Why is that President Obama must make it appear that the world began anew with his inauguration not quite ten months ago? In his videotaped speech to the audience assembled to celebrate the twentieth anniversary of fall of the Berlin Wall, he mentioned his own accomplishments more than those of his predecessor most responsible for the collapse of that barrier — and of the Communist system it protected.
In his speech to the United Nations, he didn’t reference the accomplishments of any of his predecessors, even his partisan predecessors, quoting Franklin Delano Roosevelt only to note that Democrat’s vision for such an organization. Indeed, he used that speech to highlight his own record: “For those who question the character and cause of my nation, I ask you to look at the concrete actions we have taken in just nine months.”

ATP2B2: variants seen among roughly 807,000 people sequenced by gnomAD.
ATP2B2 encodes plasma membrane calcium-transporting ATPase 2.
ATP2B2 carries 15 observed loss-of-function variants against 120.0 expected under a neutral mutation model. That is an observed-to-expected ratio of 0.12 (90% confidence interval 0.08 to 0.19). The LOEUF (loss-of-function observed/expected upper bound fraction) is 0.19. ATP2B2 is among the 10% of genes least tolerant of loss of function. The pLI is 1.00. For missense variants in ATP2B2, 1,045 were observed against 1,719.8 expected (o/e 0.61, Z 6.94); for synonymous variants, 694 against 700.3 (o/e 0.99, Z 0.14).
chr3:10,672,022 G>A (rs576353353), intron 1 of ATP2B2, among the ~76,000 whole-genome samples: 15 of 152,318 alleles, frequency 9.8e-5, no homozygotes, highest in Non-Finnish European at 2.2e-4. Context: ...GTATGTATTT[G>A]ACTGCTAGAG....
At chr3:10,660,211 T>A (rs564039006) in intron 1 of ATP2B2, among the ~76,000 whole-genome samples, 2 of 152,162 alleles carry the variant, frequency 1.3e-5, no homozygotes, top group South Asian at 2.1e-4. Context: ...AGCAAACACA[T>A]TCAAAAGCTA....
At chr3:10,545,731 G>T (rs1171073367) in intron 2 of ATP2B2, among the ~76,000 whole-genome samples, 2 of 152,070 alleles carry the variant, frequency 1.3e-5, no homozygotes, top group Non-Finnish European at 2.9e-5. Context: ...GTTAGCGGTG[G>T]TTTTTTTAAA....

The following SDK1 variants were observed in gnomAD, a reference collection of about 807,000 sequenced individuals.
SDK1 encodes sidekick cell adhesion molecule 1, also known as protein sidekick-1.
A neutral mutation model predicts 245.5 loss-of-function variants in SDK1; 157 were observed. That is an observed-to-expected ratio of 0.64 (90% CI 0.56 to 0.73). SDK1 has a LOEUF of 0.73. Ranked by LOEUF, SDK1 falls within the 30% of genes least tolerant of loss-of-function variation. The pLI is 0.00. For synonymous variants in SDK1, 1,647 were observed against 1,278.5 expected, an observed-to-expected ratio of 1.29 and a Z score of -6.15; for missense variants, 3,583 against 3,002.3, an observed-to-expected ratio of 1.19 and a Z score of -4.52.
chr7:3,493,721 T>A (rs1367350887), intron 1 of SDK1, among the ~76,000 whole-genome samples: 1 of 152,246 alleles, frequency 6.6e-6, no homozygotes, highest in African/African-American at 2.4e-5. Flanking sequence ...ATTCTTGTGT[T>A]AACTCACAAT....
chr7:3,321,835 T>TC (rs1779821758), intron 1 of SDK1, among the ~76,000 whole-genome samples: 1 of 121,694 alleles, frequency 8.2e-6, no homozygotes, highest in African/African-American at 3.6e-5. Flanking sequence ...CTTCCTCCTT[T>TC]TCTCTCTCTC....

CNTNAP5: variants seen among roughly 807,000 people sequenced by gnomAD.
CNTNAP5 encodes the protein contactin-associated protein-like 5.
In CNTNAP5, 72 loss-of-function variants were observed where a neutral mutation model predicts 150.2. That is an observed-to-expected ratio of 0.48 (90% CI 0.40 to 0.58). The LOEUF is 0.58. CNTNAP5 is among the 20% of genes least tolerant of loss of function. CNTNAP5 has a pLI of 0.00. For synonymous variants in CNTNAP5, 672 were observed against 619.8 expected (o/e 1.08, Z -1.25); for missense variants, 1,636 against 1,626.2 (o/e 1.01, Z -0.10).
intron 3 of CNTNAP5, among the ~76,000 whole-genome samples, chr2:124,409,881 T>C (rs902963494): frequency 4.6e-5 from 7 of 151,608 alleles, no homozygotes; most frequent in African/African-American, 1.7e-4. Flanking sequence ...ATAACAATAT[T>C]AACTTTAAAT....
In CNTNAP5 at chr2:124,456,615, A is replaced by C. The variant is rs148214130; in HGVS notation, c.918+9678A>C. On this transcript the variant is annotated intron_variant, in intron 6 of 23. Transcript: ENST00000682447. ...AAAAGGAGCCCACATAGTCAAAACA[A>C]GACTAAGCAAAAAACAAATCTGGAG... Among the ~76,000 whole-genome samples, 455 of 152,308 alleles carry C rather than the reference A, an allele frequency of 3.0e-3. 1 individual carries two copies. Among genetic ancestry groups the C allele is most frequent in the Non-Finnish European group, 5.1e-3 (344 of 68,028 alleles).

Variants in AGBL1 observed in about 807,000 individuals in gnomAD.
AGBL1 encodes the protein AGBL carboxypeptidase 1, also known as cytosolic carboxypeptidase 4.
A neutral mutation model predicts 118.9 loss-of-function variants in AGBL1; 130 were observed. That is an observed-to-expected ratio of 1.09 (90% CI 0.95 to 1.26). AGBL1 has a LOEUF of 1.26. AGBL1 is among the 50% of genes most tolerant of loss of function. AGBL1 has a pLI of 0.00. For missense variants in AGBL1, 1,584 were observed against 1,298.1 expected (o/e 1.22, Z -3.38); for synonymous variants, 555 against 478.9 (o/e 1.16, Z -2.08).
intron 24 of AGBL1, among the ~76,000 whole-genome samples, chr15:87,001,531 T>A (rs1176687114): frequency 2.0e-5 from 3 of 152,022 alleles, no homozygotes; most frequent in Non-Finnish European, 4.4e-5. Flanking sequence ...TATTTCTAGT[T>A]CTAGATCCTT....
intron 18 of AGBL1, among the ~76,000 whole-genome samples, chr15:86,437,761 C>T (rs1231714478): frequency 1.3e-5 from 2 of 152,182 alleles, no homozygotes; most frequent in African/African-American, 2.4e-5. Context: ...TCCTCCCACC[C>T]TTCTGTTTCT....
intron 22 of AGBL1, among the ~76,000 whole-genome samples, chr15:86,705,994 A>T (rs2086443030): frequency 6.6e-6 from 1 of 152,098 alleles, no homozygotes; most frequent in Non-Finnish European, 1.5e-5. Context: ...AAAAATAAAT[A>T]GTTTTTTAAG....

His inauguration redeemed America and, in his view at least, helped him make it “the moment when the rise of the oceans began to slow and our planet began to heal“. At his speech yesterday in Tokyo, he sounded a familiar note (for him) about his own greatness, “Already, the United States has taken more steps to combat climate change in 10 months than we have in our recent history . . . .”
Why can’t this guy just point out the specifics of what he has done without putting his record into a world-historical context? Let others be the judge of how much more (or less) he has done than his predecessors.
And let us wonder why he is so reluctant to honor their accomplishments.